And a bill co-authored by Sens. Maggie Hassan of New Hampshire and Mark Kelly of Arizona, who are being targeted by Republicans as they run for re-election this year, appears to be gaining some traction with their Senate Democratic colleagues.
The Hassan/Kelly bill, which they titled the Gas Prices Relief Act, would scrap the 18.4 cents per gallon federal tax through the rest of 2022 and calls for the Treasury Department to make sure the savings are passed on to consumers rather than the oil and gas companies.
And the measure, if passed into law, would also require the federal government to transfer money into the Highway Trust Fund, which is used for road construction and maintenance and supporting mass transit, to make up for the lost revenues.
"This legislation is about making sure that we get Granite Staters relief at the gas pump. People are feeling a real pinch on everyday goods, and we must do more to help address rising costs, particularly the price of gas," Hassan said last week in a statement introducing the bill.
And Kelly, noting the "strain on families who need to fill up the tank to get to work and school," emphasized that "this bill will lower gas prices by suspending the federal gas tax through the end of the year to help Arizona families struggling with high costs for everything from gas to groceries."
The new bill was quickly co-sponsored by Democratic Sens. Catherine Cortez Masto of Nevada and Raphael Warnock of Georgia, who along with Hassan and Kelly hail from general election battleground states and are also viewed by the GOP as vulnerable in November’s midterms. Sens. Debbie Stabenow of Michigan and Jackie Rosen of Nevada also signed onto the legislation.
The announcement by Hassan and Kelly came the day before new federal government figures showed consumer prices surging last month to their highest levels in four decades.
The unrelenting impact of inflation comes with nine months to go until November’s elections, when the Democrats hope to retain their razor-thin majorities in the U.S. House of Representatives and the Senate.
Democrats are facing historical headwinds – the party that wins the White House traditionally suffers setbacks in the ensuing midterms – and they’re facing a brutal political climate compounded by the president’s flagging approval ratings. Partially fueling the adverse conditions and the consistent decline in President Biden’s standing among Americans has been the steep rise in consumer prices as the nation’s economy rebounds after being flattened by the coronavirus pandemic.
Poll after poll shows that inflation is a top concern among Americans. And for eight months, Republicans have been blaming the massive government spending bills, that were passed first under then-President Donald Trump and over the past year under Biden, for fueling the rise in prices. And they’re using inflation as a campaign weapon against Democrats running for reelection this year.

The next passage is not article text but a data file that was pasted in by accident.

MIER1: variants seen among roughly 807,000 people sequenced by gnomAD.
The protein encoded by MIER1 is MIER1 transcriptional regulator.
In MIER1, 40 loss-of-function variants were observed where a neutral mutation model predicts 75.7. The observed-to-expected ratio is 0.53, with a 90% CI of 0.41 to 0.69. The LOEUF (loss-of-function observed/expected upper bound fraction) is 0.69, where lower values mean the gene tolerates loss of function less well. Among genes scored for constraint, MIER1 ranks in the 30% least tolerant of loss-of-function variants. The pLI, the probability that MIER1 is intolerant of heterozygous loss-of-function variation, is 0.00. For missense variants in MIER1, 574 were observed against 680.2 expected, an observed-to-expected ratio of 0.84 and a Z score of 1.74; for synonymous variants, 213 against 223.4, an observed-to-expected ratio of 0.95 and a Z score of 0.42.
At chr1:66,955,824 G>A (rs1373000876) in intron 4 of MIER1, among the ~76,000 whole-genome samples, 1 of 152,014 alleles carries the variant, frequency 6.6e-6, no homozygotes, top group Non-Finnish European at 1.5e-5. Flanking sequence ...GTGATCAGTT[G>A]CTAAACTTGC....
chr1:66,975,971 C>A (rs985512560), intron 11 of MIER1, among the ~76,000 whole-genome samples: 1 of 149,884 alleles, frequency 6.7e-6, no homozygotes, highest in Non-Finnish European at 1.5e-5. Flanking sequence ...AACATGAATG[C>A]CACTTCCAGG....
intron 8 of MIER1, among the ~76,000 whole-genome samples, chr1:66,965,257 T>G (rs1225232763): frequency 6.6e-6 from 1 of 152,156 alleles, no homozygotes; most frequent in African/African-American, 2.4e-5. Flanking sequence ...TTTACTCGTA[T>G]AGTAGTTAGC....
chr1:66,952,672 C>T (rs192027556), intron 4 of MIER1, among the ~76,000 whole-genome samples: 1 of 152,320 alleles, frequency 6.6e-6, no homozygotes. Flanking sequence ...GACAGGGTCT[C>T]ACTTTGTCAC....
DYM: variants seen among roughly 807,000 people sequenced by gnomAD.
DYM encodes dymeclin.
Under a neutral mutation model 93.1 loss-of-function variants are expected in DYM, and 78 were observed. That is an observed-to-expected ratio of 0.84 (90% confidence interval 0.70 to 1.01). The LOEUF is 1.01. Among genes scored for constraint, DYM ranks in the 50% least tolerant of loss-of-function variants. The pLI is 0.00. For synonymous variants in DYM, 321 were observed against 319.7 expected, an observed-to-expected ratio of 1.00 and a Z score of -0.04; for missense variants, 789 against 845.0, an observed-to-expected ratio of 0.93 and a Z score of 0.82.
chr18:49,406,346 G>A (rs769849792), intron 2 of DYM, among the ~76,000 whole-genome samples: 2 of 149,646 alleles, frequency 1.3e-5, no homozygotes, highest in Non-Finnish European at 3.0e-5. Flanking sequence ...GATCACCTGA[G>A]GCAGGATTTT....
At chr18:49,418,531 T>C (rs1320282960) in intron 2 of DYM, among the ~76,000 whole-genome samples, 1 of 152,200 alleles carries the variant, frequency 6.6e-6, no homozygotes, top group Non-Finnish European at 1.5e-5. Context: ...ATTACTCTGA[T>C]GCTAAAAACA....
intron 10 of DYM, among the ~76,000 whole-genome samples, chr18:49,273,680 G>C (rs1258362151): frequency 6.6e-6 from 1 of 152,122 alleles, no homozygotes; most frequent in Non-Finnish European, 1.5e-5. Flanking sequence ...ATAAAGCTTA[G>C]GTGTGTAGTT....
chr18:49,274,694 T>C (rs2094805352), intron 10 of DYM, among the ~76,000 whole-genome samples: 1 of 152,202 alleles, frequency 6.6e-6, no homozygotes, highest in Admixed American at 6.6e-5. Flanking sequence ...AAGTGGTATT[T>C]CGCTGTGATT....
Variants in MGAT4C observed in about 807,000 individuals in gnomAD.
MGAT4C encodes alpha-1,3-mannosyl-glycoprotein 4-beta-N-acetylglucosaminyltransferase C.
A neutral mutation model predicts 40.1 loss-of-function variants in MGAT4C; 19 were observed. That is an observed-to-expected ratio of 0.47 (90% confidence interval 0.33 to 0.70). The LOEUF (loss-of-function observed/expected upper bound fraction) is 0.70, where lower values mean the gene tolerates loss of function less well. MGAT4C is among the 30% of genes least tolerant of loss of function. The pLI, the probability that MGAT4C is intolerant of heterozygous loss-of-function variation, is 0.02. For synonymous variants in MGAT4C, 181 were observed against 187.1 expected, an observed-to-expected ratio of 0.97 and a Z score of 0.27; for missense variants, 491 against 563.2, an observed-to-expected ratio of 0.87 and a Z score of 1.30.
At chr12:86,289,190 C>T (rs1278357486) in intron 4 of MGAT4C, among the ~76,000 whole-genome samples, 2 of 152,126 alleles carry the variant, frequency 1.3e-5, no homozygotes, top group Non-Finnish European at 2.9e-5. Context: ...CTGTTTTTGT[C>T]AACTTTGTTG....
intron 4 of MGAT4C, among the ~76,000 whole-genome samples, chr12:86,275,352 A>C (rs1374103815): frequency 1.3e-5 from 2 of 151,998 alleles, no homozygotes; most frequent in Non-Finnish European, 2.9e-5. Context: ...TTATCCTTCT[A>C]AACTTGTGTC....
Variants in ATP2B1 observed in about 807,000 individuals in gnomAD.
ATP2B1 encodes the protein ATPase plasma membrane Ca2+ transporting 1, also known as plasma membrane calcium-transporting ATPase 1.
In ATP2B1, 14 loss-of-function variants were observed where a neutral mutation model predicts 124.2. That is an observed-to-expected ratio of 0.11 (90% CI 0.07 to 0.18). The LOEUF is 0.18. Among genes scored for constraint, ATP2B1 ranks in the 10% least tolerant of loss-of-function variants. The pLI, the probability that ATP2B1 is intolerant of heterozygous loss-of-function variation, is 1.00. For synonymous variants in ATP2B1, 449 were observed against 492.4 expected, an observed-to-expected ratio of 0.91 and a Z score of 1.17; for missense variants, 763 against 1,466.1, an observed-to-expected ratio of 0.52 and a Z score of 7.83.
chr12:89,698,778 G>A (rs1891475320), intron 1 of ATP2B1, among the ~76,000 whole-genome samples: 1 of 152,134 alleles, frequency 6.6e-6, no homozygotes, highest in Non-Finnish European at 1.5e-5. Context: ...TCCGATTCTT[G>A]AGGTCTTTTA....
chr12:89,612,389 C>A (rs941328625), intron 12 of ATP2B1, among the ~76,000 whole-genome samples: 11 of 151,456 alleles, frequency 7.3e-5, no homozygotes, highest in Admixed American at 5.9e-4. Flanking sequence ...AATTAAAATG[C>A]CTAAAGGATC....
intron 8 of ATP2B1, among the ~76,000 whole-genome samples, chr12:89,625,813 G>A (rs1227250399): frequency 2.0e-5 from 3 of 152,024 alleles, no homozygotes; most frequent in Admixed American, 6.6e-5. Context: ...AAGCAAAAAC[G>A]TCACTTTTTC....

The Hassan-Kelly bill is expected to be discussed on Tuesday afternoon as the Senate Democratic conference gathers for their weekly policy lunch.
"For the past few weeks, I've heard from my colleagues about a number of proposals they've been working on aimed squarely at helping Americans better afford the basics," Senate Majority Leader Chuck Schumer said ahead of the meeting." Democrats will use our weekly caucus lunch to talk more about some of the ideas my colleagues are working on."
The temporary scrapping of the gas tax is an idea that some leading Republicans have also suggested.
Among them is GOP Gov. Ron DeSantis of Florida, who's pushing to suspend his state's gas tax for five months this summer and fall. But his proposal is facing resistance from top leaders in Florida's Republican dominated legislature."
But the Hassan-Kelly bill was quickly criticized by some of the Republican candidates hoping to face off in November's midterms against the Democratic senators.
"Real leadership would have been not spending trillions of dollars in the first place and causing prices to skyrocket!" Arizona Attorney General Mark Brnovich, one of the leading GOP Senate contenders, argued.
And New Hampshire Senate president Chuck Morse, one of the three Republicans running this year to take on Hassan, claimed that "all this does is kick the can down the road – this is a phony gimmick that won’t lower gas prices; more supply will. We need to produce more American energy."
National Republican Senatorial Committee (NRSC) spokeswoman Katharine Cooksey Noyes told Fox News that "you don’t ask an arsonist to put out a fire, and American families shouldn’t ask Senate Democrats to curb rising prices."
"Democrats like Mark Kelly, Maggie Hassan, Raphael Warnock, and Catherine Cortez Masto have spent their entire time in the Senate passing trillions in reckless spending that has made everything more expensive," Cooksey charged. "If these Senate Democrats really cared, they wouldn’t have approved Biden’s reckless spending spree in the first place."
But the NRSC's counterpart, the Democratic Senatorial Campaign Committee (DSCC), argued that GOP opposition to the bill will backfire.
"Senate Democrats are fighting to address working families’ top concerns head on — and the fact that GOP Senate candidates are opposing this Democratic effort to cut gas prices is not only bad policy, it’s idiotic politics," DSCC communications director David Bergstein charged.